HR ProfIn a recent article from Management Association, Mary Lynn Fayoumi talks about the importance of HR professionals having good sales skills.  She speaks about the necessity of “selling” great talent on coming to work for you. 

In a competitive marketplace, where specialized skills and experience are increasingly important, the ability of hiring managers to differentiate themselves and their company is critical.

If we surveyed HR professionals, asking them to define what a successful salesperson must do well, I suspect that articulating the company’s value proposition would rank very high.  The question is how?  The best salespeople help the client to discover that core business issues and unforeseen consequences make the value proposition important.

Salespeople often start off in the right direction, but then quickly find themselves in presentation mode.  The result is a loss of control and differentiation.  I believe that HR professionals suffer from the same problem.

My experience is that far too many HR executives underappreciate the science, art and difficulty of professional selling.  They can articulate the business case, cost and impact of underperforming salespeople.  They understand the opportunity cost of turnover, but they really don’t “get” salespeople and, in too many cases, underappreciate the difficulty of the sales job.  This probably isn’t surprising since most CEO’s have the same challenge because they’re from the finance, operations and/or technical side.  HR professionals also happen to spend a lot of time interacting with vendors who often don’t live up to expectations.

What makes salespeople different? 

  • They are usually highly emotional and sometimes volatile people.
  • They are not good at being introspective.
  • Asking for help is typically a weakness.
  • Compliance is not in their vocabulary.
  • Most are fairly self-absorbed.
  • They love teamwork when they are in control of the team.
  • They should ask questions which make prospects uncomfortable.
  • Details are not that important.
  • The good ones fight when prospects say no.

What percentage of these traits do you think HR professionals possess?  More importantly, how many look for these attributes when hiring great employees and how does this affect the sales talent recruitment?

 

 

Topics: sales competencies, sales blog, sales culture, sales candidates, sales personality, chris mott

How Well Will You Adapt? – The Sales Seismic Shift

Posted by Chris Mott on Fri, Aug 17, 2012 @ 09:08 AM

A client of mine sent me an article recently from the Harvard Business Review titled The End of Solution Selling.  It is a long, well-researched piece which challenges the status quo.

A key premise is that customers now are investing a significant amount of time and energy before they engage salespeople to diagnose their own problems and identify the solution. Salespeople, who historically have focused on finding a problem and identifying the solution, now increasingly are seen as unnecessary and redundant. 

Many salespeople view themselves as facilitators of a buying process, which they frequently allow the prospect to design and control. They spend much time explaining why people should buy from them instead of helping the prospect identify the potential flaws in their logic and decision-making. They get lost in the details and miss the opportunity to discuss the big picture, including industry change, disruptive events and how this aligns with or may undermine the potential customer’s strategy.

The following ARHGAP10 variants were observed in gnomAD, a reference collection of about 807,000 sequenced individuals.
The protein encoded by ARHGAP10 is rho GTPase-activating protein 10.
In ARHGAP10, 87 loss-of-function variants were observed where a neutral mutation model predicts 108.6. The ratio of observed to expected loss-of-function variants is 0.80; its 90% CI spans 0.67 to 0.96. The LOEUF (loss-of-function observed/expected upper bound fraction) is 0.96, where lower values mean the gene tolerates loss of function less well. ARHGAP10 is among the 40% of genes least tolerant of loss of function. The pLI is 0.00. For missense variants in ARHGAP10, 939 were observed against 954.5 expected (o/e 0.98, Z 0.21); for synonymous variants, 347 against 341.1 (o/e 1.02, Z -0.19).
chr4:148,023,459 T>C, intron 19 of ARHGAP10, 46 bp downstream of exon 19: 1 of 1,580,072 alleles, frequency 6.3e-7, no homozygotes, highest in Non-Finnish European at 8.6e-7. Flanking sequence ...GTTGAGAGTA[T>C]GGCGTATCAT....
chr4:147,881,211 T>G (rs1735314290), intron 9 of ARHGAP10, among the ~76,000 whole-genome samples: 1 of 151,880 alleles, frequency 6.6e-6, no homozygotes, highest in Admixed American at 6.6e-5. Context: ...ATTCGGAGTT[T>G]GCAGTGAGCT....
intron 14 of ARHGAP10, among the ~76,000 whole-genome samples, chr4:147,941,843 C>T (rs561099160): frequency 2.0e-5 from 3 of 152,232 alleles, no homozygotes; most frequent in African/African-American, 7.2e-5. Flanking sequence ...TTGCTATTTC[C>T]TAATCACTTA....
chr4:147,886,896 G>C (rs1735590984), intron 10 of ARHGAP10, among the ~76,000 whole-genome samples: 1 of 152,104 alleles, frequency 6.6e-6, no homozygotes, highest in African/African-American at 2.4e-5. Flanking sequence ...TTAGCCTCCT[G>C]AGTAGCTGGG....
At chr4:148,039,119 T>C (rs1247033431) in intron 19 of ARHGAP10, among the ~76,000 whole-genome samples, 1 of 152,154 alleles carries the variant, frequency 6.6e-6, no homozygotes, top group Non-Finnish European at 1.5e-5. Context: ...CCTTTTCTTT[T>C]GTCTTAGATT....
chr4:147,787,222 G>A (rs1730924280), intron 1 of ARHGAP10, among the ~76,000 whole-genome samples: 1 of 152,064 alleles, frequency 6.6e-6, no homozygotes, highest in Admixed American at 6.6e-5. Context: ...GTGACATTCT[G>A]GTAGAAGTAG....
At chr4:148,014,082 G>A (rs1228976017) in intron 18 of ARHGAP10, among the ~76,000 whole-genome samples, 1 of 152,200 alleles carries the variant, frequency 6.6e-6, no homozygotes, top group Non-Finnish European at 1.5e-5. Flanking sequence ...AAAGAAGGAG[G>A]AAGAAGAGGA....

Yesterday, I spoke to a recently hired sales leader. In our conversation, he shared that while improving the effectiveness of his sales force was an important priority, the bigger issue was getting senior management to understand that “sales” is as important as operations and that great products don’t sell themselves. This comes from a company with over 500 employees.

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Developing salespeople, from presenters of a value proposition to proactive hunters with great consultative selling ability, is the biggest and most important challenge facing the sales industry today. The days of building a relationship and presenting a solution are gone forever. Unfortunately, most salespeople don’t know that a seismic shift has already taken place and they’re not prepared for what’s coming.

Great salespeople love when prospects push back. They relish the idea of being challenged and engaging prospects. They understand that their real value comes from dialogue and their ability to change people’s thinking and perception. In Baseline Selling terms, they spend much time between first and second base, building SOB quality. Remember that SOB means that the prospect is paying more attention to you than anyone else because you have helped them discover new challenges, opportunities and concerns which need to be addressed.

Which percentage of your salespeople are proactive hunters who excel at consultative selling? How many lean in when their prospects push back, not out of frustration but because they naturally engage in honest two-way conversations? Lastly, how effective are your sales leadership skills in developing your salespeople in these critical areas?

Kurlan & Associates, Inc. is holding a two-day Sales Leadership Intensive in Boston on October 3-4. The program is for CEO’s, President’s, GM’s and Sales Leaders committed to excellence.

Topics: sales culture, Consultative Selling, sales model, sales methodology, sales training, harvard business review, solution selling, hbr blog, chris mott